Margaret Cho, Notorious C.H.O.

Like all inspired artists of stand-up comedy, Margaret Cho is an equal-opportunity egomaniac. As a bisexual Korean-American woman with an eating disorder, she presents herself as an upstart heroine of the dispossessed, yet she tweaks piety as explosively as Richard Pryor or Lily Tomlin did. She’s not a victim of anything except, perhaps, her own appetites.

In Notorious C.H.O., a concert film shot in Seattle at the end of last year, Cho, with a melodious Valley Girl voice just this side of sarcastic, goes beyond the confessional; showcasing her own follies, she’s gleefully, blasphemously invasive. For 95 often hilarious minutes, she riffs on the diciness of colonics, on straight versus gay personal ads, on how men would act if they had periods, and on the perils of a certain outré sexual practice (”I felt like one of the Muppets!”). As always, however, her greatest comic creation remains her own mother, who is brought to life as a blinkered queen of Old World innocence whose sputteringly obtuse Korean accent is like a joyful scream with hiccups.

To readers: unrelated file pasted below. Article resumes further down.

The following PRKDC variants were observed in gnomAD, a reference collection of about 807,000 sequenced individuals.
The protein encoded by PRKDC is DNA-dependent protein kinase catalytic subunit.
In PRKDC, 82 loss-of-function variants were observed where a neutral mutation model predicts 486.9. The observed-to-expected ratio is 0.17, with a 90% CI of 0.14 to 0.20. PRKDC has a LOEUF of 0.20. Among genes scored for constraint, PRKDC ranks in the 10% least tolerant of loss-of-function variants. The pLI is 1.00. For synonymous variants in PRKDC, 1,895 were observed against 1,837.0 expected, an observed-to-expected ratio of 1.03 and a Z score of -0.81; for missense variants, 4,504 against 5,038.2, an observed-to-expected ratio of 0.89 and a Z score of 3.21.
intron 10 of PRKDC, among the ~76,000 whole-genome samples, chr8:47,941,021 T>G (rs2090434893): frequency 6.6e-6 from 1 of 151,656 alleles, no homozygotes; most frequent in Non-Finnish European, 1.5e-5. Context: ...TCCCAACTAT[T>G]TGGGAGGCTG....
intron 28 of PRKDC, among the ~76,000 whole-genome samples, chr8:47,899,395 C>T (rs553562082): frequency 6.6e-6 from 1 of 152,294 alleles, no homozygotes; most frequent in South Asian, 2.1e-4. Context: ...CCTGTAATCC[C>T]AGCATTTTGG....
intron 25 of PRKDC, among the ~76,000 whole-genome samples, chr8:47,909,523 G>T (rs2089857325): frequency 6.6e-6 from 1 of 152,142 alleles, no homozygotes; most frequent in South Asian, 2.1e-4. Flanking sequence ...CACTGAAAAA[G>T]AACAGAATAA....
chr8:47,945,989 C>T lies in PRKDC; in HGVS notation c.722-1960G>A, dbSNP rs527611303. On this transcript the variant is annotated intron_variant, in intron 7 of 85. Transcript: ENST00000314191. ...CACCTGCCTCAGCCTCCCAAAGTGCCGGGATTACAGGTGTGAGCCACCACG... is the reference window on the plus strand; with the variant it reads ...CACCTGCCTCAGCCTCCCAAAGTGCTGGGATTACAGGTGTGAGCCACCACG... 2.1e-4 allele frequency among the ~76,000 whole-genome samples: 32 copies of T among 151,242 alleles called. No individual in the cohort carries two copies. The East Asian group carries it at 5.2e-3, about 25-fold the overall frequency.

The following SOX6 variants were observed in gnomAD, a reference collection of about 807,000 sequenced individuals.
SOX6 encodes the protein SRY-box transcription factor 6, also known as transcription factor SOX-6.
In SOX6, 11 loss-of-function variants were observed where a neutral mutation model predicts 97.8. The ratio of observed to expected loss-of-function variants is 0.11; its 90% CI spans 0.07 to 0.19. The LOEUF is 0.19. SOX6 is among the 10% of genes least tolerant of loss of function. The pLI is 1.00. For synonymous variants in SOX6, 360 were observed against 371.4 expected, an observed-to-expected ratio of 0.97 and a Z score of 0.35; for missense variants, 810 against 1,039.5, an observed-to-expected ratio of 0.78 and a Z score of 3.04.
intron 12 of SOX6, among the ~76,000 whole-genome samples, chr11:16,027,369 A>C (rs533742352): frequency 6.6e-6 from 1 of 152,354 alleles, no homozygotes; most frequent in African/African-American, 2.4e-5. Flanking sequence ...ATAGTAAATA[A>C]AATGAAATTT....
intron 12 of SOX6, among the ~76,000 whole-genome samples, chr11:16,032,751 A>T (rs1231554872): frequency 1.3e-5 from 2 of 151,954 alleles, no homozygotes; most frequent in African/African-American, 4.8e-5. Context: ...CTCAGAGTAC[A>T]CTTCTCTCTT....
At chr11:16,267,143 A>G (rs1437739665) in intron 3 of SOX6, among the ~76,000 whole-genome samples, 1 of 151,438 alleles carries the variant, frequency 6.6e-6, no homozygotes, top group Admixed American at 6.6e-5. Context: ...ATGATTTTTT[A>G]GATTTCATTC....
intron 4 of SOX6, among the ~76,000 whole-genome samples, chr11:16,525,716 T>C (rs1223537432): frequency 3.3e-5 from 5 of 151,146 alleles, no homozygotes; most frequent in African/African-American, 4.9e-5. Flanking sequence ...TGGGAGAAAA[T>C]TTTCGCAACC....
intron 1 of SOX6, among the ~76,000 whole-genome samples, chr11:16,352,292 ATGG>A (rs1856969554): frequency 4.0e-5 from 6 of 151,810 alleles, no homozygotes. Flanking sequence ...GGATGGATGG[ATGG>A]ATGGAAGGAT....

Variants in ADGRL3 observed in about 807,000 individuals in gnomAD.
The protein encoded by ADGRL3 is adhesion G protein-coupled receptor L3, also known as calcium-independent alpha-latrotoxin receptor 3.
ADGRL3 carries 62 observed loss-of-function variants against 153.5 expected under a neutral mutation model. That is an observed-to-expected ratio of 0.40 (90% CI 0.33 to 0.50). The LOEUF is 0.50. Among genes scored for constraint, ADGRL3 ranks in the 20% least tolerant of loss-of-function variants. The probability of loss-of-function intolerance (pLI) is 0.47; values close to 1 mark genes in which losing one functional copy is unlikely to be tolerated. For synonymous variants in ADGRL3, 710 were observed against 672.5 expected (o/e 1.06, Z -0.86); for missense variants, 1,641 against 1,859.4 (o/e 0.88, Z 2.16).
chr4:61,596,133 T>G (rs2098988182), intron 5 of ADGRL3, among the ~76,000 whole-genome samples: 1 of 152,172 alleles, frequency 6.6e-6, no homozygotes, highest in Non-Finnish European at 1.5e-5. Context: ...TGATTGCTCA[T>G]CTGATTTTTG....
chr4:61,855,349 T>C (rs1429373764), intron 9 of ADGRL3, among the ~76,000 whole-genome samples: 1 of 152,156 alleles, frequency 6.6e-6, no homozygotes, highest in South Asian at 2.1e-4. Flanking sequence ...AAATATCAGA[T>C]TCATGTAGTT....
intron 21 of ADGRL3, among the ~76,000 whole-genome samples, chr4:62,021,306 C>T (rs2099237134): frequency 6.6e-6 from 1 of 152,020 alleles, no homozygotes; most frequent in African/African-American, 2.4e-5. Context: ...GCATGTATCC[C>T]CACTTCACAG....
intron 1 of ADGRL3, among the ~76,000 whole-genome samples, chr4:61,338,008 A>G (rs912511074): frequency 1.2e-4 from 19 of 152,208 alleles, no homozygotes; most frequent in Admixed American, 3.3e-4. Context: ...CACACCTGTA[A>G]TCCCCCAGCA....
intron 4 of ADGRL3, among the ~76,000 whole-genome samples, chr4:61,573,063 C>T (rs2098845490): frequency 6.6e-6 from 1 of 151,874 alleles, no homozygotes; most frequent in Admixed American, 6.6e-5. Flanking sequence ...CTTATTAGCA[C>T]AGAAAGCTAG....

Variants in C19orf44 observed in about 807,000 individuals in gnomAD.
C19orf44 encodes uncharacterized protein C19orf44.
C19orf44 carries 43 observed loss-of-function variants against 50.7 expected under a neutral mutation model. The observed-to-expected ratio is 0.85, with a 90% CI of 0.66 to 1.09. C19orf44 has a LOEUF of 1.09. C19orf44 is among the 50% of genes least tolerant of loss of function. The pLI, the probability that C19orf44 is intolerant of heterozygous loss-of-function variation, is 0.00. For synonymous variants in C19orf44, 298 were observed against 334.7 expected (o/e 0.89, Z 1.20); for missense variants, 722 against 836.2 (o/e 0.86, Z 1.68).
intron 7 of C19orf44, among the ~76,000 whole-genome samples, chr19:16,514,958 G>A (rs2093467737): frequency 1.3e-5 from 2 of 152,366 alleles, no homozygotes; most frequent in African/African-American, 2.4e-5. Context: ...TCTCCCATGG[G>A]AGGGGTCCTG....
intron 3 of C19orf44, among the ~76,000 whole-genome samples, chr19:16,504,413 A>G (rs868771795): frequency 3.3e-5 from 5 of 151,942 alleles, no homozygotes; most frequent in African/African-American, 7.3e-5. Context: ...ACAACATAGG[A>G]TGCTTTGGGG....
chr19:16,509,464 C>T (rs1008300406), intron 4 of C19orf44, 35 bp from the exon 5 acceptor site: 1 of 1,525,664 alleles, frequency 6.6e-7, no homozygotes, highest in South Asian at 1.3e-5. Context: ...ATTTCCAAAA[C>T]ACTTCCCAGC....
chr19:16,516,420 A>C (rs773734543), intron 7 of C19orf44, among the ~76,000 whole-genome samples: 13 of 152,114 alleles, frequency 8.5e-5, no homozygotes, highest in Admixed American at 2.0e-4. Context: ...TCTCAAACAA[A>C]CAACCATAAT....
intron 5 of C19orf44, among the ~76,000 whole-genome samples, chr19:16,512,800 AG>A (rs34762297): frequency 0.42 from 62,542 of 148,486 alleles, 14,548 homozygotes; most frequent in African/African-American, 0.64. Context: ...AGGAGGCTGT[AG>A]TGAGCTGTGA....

Notorious C.H.O.
  • Movie
  • 95 minutes